The malt shines through on the palate, along with various sweeter tastes, such as vanilla. This floral and fruity whisky has a beautiful warmth on the finish, which justifies the innovation and craftsmanship that go into this memorable Scotch.

16. Highland Park 12-Year

Despite its name, this 12-year is not made in the Highlands. Instead, it's made in the northernmost whisky distillery in Scotland, on the Orkney Islands. However, to make this a little more confusing, island whiskies (other than Islay) are often lumped in as being part of the Highland region. 

Regardless of the classification, the 12-year is Scotch that reflects this unique terroir and the distillery's craftsmanship. Highland Park whisky is known for its heather on the nose and palate, which is joined in the 12-year by malt, a slight peat smoke, and you can also taste its maritime influence. Faint hints of cinnamon and nutmeg add to its depth, and when joined by the gentle smokiness, you get a warm finish.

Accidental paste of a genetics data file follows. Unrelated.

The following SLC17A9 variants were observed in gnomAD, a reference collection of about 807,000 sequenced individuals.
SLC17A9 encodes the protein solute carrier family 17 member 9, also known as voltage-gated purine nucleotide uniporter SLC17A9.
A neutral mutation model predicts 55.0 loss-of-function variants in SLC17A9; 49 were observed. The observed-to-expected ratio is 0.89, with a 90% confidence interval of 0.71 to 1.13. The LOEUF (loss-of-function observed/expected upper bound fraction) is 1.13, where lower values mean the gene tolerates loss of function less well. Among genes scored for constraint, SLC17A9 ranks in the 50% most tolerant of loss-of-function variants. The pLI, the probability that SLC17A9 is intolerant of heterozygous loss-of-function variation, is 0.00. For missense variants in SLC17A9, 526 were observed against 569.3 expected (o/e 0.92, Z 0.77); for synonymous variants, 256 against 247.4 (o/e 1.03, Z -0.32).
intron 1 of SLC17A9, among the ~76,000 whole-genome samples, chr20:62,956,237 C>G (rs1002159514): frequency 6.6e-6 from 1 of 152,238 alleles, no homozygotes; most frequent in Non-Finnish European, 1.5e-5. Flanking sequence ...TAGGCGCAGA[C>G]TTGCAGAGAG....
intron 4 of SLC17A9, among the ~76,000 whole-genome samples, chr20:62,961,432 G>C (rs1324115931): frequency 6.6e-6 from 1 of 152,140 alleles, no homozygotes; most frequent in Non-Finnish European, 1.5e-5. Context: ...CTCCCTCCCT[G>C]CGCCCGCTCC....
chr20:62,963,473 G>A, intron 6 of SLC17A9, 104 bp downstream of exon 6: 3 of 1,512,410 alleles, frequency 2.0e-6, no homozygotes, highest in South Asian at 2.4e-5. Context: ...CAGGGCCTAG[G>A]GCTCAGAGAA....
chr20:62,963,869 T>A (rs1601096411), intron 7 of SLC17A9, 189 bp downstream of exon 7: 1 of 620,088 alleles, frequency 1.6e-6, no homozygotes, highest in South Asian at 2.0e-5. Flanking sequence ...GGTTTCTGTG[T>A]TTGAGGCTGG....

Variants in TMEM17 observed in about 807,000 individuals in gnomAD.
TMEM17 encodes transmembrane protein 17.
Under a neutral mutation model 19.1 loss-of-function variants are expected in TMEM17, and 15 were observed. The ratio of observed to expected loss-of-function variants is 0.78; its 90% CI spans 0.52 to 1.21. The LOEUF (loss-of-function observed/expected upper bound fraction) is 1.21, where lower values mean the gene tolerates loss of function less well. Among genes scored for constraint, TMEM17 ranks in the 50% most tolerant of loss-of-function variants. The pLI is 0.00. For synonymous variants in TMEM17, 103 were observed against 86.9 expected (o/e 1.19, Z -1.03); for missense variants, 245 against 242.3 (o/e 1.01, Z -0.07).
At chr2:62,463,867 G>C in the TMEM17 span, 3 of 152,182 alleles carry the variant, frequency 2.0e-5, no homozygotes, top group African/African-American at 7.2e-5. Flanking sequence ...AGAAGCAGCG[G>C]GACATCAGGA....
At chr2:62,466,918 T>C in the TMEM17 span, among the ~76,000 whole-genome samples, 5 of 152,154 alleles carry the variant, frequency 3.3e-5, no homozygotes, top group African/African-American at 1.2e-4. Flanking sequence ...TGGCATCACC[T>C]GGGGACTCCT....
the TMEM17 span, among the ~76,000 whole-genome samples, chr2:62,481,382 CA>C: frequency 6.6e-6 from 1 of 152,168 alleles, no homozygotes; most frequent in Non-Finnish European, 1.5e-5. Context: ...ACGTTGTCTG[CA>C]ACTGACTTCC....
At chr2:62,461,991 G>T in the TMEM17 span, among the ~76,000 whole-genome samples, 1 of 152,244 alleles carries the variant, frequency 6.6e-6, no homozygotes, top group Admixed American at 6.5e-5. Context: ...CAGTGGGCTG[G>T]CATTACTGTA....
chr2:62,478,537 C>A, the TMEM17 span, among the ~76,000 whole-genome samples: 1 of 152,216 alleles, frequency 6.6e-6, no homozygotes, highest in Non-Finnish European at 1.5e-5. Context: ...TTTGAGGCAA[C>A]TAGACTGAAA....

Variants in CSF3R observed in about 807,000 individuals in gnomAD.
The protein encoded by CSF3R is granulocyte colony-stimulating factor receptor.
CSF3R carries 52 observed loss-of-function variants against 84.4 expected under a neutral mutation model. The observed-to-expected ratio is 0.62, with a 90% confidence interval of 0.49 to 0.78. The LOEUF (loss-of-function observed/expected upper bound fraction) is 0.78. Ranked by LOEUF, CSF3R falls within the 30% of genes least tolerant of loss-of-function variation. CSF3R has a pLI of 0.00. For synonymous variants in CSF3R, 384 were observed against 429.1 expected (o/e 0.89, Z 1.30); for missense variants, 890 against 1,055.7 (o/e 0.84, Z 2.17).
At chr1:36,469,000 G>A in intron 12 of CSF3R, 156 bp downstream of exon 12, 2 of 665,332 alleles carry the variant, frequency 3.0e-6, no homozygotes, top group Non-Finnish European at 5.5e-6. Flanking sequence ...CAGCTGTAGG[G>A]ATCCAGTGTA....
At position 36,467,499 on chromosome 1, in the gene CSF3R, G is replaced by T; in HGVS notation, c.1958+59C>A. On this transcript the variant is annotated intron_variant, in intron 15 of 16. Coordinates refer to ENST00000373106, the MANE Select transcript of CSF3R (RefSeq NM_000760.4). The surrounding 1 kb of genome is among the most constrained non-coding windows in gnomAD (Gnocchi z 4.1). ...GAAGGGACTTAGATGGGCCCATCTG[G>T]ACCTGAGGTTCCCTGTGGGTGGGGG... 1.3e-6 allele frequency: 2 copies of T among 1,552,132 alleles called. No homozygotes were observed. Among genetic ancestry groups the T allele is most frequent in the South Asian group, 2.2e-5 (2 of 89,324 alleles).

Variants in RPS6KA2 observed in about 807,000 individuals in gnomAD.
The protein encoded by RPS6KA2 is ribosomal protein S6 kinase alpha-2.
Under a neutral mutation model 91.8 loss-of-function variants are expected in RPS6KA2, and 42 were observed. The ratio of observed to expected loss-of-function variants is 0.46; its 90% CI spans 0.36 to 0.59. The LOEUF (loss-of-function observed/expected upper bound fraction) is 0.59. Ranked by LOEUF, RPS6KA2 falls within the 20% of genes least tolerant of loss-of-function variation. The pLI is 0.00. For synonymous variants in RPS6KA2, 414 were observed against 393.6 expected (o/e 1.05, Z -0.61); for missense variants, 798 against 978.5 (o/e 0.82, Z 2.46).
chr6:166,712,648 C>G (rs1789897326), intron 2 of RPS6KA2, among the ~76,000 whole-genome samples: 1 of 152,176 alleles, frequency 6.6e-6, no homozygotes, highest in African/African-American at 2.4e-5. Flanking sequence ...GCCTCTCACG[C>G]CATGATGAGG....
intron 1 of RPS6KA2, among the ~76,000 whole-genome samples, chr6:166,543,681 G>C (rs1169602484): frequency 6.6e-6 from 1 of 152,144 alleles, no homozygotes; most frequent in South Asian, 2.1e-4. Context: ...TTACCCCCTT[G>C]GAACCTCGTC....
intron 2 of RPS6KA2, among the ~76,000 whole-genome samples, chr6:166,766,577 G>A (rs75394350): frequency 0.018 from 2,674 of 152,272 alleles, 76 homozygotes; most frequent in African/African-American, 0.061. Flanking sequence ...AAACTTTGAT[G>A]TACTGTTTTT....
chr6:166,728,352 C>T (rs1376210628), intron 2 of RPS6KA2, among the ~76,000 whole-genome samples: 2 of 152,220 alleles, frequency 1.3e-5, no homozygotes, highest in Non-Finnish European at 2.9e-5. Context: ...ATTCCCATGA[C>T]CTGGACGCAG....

15. Bunnahabhain 12-Year

Only two of the distilleries on Islay specialize in unpeated whisky. Bruichladdich is one of them, and Bunnahabhain is the other. It helps to give its 12-year Scotch a distinctive character as it relies on the environment to shape the whisky rather than depending on peat smoke. 

The most notable smells here come from malt with a hint of dried fruit. The palate starts with briny notes before moving on to toffee, nuts, and a subtle touch of oak. This spirit has a beautiful rawness, and the finish lingers for a fulfilling tasting experience and again shows that Islay is much more than just its peated whiskies.

14. Caol Ila 12-Year